With his softly-spoken and self-effacing manner, Kelvin Hopkins MP might seem an unlikely candidate for prompting one of the biggest ever upsets in British politics — but appearances can be deceiving.
The leftwing MP for Luton North since 1997 and chair of the All-Party Parliamentary Group for Sixth Form Colleges (SFCs), which has backed calls for SFCs to not be subject to VAT, was first to nominate Jeremy Corbyn for Labour leader last June.
“The nominations opened at 12, and I was in there at five past,” he says.
The day that Corbyn was elected party leader was “the best of my political life, because finally the neoliberal, pro-capitalists had been beaten by the party membership,” says Hopkins, who is a former college teacher and long-time governor at Luton SFC.
While he acknowledges that Corbyn has had a difficult time, Hopkins remains a supporter and says: “Jeremy has been doing extremely well, better and better every week.”
Hopkins was born in 1941 in Leicester to Joan, a medical secretary, and Harold, a renowned physicist who invented fibre optics and the first zoom lens.
Following his parents’ divorce when he was seven, Hopkins was brought up by his father and his second wife, Christine, an artist.
They were, Hopkins says, “a left-wing socialist family”, and he remembers asking his father questions about politics at the age of just nine.
Hopkins grew up in High Barnet, where he attended Foulds County Primary School and later Queen Elizabeth Boys Grammar School.
But despite his father’s insistence, at the age of 14, that he should study science, Hopkins wasn’t destined to follow in his father’s academic footsteps — not least because he discovered a passion for playing music.
“When I was young, I was a jazz musician, so I spent most of my energy playing jazz, and even when I was a student, at times I was playing five nights a week in gigs,” he says.
His face lights up as he describes the height of his jazz career, when — during his time at the University of Nottingham in the 1960s — he played saxophone as part of the interval band for a performance by the Woody Herman Orchestra.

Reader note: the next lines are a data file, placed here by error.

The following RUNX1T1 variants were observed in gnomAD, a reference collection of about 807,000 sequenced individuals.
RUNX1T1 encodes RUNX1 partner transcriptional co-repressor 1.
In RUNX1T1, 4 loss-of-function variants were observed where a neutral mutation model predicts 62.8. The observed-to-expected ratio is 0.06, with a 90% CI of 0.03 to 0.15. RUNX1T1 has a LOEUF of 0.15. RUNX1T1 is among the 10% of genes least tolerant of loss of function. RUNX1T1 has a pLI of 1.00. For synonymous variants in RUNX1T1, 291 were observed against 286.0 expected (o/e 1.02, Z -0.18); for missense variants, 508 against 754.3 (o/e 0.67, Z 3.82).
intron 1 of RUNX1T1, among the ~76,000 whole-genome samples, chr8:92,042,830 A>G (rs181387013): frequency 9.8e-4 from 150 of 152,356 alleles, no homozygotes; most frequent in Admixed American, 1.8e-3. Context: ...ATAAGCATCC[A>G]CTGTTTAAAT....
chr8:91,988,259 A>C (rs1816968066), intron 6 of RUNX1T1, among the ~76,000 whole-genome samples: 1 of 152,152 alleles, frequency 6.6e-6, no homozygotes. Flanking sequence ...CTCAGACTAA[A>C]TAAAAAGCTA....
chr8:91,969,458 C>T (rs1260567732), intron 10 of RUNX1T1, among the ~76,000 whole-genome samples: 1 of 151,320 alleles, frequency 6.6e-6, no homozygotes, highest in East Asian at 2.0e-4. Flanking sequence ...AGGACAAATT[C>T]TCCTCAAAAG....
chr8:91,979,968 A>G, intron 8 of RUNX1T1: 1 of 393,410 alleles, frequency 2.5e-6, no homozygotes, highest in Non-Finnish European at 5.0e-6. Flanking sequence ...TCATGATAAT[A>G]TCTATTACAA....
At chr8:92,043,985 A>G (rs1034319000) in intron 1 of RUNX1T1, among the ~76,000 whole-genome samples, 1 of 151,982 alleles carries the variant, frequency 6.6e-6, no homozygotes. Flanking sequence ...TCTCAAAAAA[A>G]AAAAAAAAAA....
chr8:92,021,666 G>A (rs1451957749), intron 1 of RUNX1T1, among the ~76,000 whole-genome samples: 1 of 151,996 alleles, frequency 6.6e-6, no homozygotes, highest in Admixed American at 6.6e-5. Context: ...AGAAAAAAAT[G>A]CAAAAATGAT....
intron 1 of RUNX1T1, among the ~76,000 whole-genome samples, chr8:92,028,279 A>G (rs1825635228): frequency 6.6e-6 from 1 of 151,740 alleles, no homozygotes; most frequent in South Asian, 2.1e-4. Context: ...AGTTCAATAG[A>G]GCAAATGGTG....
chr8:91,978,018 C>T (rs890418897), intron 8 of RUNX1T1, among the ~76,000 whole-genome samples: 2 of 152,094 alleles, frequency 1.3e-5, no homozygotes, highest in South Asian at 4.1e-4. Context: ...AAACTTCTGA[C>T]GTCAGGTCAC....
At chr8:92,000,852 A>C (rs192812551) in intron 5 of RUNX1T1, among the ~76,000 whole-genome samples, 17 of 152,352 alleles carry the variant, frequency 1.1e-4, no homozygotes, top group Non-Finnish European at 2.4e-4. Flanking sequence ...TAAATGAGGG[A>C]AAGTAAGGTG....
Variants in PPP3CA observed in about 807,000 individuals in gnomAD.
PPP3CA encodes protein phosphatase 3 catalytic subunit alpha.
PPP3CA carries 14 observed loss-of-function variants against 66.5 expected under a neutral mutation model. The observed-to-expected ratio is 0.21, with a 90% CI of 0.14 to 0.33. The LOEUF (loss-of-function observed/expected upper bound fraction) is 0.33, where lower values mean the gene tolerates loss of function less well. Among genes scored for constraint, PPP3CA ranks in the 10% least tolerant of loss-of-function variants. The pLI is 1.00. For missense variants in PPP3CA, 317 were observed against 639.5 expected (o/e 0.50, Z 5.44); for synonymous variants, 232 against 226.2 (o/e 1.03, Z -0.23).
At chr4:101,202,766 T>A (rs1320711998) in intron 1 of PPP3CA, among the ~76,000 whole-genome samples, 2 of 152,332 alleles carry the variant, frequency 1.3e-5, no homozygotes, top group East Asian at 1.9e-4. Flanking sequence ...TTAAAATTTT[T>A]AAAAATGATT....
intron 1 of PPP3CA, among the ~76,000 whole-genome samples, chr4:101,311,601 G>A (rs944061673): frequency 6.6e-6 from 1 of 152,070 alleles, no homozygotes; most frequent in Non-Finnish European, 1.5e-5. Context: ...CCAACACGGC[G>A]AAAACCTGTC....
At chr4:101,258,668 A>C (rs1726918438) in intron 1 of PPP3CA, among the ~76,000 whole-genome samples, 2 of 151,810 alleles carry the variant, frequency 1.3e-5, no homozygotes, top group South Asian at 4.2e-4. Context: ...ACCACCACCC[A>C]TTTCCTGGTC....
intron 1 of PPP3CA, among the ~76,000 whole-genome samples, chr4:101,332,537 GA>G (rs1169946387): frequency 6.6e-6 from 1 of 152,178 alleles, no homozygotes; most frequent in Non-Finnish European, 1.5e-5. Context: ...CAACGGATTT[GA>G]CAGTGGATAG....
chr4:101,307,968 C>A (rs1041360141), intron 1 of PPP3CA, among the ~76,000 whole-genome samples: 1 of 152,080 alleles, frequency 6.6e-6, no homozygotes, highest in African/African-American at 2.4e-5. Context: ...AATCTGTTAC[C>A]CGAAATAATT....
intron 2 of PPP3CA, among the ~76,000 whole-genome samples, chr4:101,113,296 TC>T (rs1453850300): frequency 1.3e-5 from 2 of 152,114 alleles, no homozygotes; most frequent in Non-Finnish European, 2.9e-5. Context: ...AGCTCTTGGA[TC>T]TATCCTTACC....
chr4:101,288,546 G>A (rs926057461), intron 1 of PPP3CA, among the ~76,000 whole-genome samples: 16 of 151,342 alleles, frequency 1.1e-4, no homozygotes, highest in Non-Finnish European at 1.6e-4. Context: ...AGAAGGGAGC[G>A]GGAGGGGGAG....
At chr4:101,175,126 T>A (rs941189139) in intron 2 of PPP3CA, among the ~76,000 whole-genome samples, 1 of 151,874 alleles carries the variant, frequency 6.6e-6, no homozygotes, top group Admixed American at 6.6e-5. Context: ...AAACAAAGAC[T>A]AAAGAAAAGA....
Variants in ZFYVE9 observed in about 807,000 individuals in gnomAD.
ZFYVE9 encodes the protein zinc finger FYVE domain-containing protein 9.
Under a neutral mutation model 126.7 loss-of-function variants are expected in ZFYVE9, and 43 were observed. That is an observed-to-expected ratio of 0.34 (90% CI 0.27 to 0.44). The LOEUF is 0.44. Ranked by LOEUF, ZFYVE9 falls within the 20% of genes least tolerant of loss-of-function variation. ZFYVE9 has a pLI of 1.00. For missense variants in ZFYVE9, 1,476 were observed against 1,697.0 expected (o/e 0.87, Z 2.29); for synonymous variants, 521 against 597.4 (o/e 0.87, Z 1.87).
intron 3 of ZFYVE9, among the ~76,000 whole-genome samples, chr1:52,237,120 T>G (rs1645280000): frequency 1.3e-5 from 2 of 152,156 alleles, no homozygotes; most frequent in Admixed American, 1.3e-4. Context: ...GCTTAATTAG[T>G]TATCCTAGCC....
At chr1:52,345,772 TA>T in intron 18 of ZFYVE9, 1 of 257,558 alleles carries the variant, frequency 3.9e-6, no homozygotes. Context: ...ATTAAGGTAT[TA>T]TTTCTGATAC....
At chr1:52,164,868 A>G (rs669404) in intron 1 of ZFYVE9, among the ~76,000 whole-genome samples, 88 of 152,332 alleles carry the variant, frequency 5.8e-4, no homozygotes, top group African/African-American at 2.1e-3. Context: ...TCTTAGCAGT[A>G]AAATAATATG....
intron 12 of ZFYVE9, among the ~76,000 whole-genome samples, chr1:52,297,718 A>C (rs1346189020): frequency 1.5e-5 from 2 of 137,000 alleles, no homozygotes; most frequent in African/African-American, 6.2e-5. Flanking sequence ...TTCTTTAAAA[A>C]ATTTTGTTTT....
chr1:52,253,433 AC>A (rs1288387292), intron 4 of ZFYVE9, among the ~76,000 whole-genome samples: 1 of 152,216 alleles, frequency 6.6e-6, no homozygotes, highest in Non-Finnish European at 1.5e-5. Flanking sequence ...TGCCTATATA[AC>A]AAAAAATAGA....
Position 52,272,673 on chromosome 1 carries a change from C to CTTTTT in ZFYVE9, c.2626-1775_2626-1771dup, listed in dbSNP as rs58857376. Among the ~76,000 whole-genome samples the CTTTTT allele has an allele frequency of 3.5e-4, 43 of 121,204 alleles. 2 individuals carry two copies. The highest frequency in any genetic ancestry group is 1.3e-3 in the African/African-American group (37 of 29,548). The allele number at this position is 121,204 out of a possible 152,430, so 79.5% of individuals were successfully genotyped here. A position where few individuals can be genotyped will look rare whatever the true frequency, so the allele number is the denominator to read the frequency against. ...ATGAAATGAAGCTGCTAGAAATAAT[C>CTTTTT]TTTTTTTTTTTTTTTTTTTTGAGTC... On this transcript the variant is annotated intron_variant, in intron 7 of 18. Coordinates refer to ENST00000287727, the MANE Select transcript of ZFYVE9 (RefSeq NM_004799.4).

He recalls that they were a great American jazz orchestra and his band played in the big downstairs bar, while members of Woody Herman’s group sat along another wall drinking as we were playing.
I have always lobbied for FE
“At the end of the evening I walked out of the fire escape with my tenor saxophone and felt like one of them,” he says. “I thought, ‘It doesn’t get better than this’.”
It was around this time that Hopkins married his wife Patricia, in 1965.
The two met when Hopkins was “about 17 or 18, very young” when they were both doing the same Christmas job.
He recalls that she proposed as it was a leap year, but admits “it was a bit of a joke, really — I bought the ring and I said, ‘You pretend.’”
The couple have two children, Daniel and Rachel, aged 46 and 43, and two grandchildren, Sophie and Emma, aged eight and seven, whom Hopkins is clearly besotted with.
“They’re wonderful, bright and funny and always make me laugh,” he says.
Hopkins “did eventually do a degree at Nottingham”, graduating with a 2:1 in politics, economics and maths with statistics in 1969.
A career in trade unions was the natural next step for Hopkins, and he worked in research for the Trades Union Congress (TUC) and Nalgo (which later became Unison) from 1969 until 1997.
His work involved writing “a whole series of publications for them, speeches for the general secretary, motions for conferences, speaking for them”, which he describes as “the political side, not the negotiating side. It was fascinating, and I loved it”.
In the middle of his time at the TUC, Hopkins took a couple of years off from the trade union to teach politics, economics and statistics at St Albans College, from 1971 until 1973.
He says: “I saw this job advertised, applied and got the job. And I thought that I’d always wanted to do a bit of teaching, and it was wonderful.”